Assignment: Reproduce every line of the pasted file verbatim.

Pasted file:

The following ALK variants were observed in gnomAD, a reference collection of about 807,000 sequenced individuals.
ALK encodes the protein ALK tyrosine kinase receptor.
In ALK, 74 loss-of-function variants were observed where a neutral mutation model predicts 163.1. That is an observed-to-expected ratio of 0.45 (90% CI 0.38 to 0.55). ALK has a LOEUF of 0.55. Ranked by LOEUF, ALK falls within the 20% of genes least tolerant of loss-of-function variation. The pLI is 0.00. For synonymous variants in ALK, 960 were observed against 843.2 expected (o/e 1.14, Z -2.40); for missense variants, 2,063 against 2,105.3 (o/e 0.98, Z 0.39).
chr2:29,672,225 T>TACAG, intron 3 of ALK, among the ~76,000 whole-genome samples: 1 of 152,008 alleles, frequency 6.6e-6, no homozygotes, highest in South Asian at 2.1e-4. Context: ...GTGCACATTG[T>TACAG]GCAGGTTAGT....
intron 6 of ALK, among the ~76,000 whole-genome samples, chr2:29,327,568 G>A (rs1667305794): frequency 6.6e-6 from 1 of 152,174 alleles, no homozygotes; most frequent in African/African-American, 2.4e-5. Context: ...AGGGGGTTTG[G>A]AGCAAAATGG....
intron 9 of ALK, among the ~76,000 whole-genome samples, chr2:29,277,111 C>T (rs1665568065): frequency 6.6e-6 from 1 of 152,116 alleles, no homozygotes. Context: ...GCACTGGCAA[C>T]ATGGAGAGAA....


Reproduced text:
The following ALK variants were observed in gnomAD, a reference collection of about 807,000 sequenced individuals.
ALK encodes the protein ALK tyrosine kinase receptor.
In ALK, 74 loss-of-function variants were observed where a neutral mutation model predicts 163.1. That is an observed-to-expected ratio of 0.45 (90% CI 0.38 to 0.55). ALK has a LOEUF of 0.55. Ranked by LOEUF, ALK falls within the 20% of genes least tolerant of loss-of-function variation. The pLI is 0.00. For synonymous variants in ALK, 960 were observed against 843.2 expected (o/e 1.14, Z -2.40); for missense variants, 2,063 against 2,105.3 (o/e 0.98, Z 0.39).
chr2:29,672,225 T>TACAG, intron 3 of ALK, among the ~76,000 whole-genome samples: 1 of 152,008 alleles, frequency 6.6e-6, no homozygotes, highest in South Asian at 2.1e-4. Context: ...GTGCACATTG[T>TACAG]GCAGGTTAGT....
intron 6 of ALK, among the ~76,000 whole-genome samples, chr2:29,327,568 G>A (rs1667305794): frequency 6.6e-6 from 1 of 152,174 alleles, no homozygotes; most frequent in African/African-American, 2.4e-5. Context: ...AGGGGGTTTG[G>A]AGCAAAATGG....
intron 9 of ALK, among the ~76,000 whole-genome samples, chr2:29,277,111 C>T (rs1665568065): frequency 6.6e-6 from 1 of 152,116 alleles, no homozygotes. Context: ...GCACTGGCAA[C>T]ATGGAGAGAA....